Diabetic Peripheral Neuropathy Linked to Higher Risk of Heart Disease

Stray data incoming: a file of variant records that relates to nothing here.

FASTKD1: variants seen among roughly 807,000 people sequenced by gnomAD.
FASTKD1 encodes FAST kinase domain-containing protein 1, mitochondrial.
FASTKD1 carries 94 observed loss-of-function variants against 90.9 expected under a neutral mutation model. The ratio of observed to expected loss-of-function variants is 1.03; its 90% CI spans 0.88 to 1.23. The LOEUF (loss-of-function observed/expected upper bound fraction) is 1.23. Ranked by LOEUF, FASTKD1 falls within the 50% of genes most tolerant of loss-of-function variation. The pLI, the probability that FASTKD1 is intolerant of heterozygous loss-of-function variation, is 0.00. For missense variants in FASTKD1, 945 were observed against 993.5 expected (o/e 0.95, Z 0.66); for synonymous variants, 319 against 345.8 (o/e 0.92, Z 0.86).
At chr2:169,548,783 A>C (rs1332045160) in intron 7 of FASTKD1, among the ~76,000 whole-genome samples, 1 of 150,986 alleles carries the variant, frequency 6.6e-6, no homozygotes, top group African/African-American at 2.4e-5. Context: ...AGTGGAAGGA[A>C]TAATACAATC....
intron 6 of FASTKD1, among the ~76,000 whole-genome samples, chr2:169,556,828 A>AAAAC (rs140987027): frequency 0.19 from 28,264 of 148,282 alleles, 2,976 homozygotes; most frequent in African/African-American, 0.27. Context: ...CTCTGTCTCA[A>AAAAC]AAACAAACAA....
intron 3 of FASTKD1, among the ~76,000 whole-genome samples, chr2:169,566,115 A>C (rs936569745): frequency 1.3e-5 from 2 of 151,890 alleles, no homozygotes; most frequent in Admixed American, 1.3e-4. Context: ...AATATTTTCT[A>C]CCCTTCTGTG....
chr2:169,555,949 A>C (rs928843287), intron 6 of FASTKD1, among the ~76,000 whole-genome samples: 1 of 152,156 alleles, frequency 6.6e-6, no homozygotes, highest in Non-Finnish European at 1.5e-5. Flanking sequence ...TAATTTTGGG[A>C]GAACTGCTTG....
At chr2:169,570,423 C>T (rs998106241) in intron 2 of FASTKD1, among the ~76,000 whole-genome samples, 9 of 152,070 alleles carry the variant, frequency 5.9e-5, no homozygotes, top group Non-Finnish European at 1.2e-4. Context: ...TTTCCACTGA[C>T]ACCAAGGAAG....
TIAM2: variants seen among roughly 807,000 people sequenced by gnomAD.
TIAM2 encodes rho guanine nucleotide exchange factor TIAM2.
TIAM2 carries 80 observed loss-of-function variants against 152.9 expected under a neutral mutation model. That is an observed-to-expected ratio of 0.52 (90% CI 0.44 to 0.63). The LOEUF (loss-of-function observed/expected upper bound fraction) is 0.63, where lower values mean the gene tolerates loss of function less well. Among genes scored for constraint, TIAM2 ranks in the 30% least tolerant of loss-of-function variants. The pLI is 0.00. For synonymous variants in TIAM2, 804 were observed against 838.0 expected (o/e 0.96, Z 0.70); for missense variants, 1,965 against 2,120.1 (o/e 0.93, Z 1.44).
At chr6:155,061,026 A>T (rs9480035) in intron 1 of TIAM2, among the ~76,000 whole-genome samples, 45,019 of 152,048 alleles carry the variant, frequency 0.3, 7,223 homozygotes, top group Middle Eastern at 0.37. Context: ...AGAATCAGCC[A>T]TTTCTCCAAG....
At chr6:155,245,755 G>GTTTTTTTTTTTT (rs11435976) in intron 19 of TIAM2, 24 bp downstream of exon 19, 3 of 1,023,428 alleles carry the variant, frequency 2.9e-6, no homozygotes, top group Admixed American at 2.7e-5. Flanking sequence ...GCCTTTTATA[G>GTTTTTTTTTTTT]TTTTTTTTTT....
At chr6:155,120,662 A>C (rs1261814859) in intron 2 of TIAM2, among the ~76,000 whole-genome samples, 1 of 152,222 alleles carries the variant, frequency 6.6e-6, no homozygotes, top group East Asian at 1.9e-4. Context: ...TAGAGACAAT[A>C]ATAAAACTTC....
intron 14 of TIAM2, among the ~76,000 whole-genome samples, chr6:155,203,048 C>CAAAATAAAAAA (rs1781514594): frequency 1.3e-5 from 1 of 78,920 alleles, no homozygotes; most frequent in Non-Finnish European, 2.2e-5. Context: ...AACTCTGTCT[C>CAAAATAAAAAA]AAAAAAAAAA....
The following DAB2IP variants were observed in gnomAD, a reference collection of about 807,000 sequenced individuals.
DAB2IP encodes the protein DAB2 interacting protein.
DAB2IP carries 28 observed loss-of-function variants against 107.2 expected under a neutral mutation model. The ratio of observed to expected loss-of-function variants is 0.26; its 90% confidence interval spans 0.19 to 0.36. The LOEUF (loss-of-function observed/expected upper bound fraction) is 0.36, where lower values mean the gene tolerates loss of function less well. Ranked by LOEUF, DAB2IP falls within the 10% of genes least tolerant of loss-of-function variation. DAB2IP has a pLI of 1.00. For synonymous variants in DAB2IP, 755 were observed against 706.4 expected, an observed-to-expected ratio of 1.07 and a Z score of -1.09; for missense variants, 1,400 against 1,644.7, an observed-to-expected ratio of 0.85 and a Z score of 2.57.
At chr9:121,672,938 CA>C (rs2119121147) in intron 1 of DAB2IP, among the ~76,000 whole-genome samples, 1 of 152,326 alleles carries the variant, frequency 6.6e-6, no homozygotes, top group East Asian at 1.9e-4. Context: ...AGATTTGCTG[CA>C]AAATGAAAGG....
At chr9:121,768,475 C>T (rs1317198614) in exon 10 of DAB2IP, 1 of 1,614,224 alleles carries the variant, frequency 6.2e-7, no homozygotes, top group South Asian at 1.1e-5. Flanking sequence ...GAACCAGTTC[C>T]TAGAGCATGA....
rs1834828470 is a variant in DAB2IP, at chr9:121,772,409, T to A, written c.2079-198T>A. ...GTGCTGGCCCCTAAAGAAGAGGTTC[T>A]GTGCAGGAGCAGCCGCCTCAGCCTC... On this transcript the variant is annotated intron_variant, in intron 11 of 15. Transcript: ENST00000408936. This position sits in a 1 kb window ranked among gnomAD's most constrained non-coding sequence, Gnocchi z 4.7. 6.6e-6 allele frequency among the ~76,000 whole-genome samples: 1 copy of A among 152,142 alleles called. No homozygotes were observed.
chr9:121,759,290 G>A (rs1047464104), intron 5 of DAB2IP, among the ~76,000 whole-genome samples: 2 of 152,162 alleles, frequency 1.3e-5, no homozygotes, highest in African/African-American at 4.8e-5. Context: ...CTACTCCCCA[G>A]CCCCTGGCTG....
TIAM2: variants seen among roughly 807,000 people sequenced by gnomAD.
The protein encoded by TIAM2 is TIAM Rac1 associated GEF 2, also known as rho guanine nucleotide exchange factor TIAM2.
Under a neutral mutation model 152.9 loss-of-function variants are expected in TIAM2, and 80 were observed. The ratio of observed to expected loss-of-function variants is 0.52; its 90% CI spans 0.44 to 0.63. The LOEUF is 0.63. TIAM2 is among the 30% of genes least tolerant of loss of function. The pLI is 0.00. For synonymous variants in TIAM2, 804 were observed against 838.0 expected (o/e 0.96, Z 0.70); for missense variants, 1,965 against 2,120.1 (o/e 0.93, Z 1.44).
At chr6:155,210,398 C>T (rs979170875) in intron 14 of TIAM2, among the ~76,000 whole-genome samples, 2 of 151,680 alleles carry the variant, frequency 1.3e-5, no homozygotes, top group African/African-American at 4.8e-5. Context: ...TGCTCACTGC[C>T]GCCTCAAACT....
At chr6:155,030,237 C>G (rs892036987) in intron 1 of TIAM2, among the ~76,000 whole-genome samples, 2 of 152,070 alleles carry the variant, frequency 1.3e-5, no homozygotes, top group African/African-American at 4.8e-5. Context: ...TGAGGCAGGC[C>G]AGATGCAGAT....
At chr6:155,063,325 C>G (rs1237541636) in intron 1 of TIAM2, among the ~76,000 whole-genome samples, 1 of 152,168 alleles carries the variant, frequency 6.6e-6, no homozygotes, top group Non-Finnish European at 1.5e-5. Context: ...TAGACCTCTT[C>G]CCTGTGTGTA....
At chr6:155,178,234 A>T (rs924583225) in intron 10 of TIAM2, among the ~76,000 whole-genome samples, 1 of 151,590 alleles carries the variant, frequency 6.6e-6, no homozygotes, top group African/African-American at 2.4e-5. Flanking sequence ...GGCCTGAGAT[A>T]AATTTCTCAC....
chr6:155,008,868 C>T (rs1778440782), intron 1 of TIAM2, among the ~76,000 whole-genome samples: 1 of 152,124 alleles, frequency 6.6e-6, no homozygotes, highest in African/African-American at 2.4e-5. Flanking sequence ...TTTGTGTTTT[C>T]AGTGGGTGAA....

Diabetic peripheral neuropathy is a condition in which the long nerves of the hands and feet may be damaged by having elevated blood glucose levels.  This condition is determined by a physical exam of the feet to determine if there is decreased sensation or loss of sensation in the feet.  This can lead to an increased risk of developing sores or wounds on the feet and increases the risk for an amputation.  In an analysis of data from 13,000 patients in England, researchers looked at individuals with Type 2 diabetes with no history of heart disease and determined that those who had developed peripheral neuropathy with their diabetes also developed heart disease at a higher rate.  Making this connection may be beneficial in providing healthcare providers guidance in identifying individuals who may require more intensive care.  For example, since there appears to be a link with neuropathy and heart disease, special attention must be paid to patients who  exhibit signs of neuropathy to evaluate them for heart disease and be aggressive in controlling blood glucose and cholesterol in an attempt to reduce their risk.

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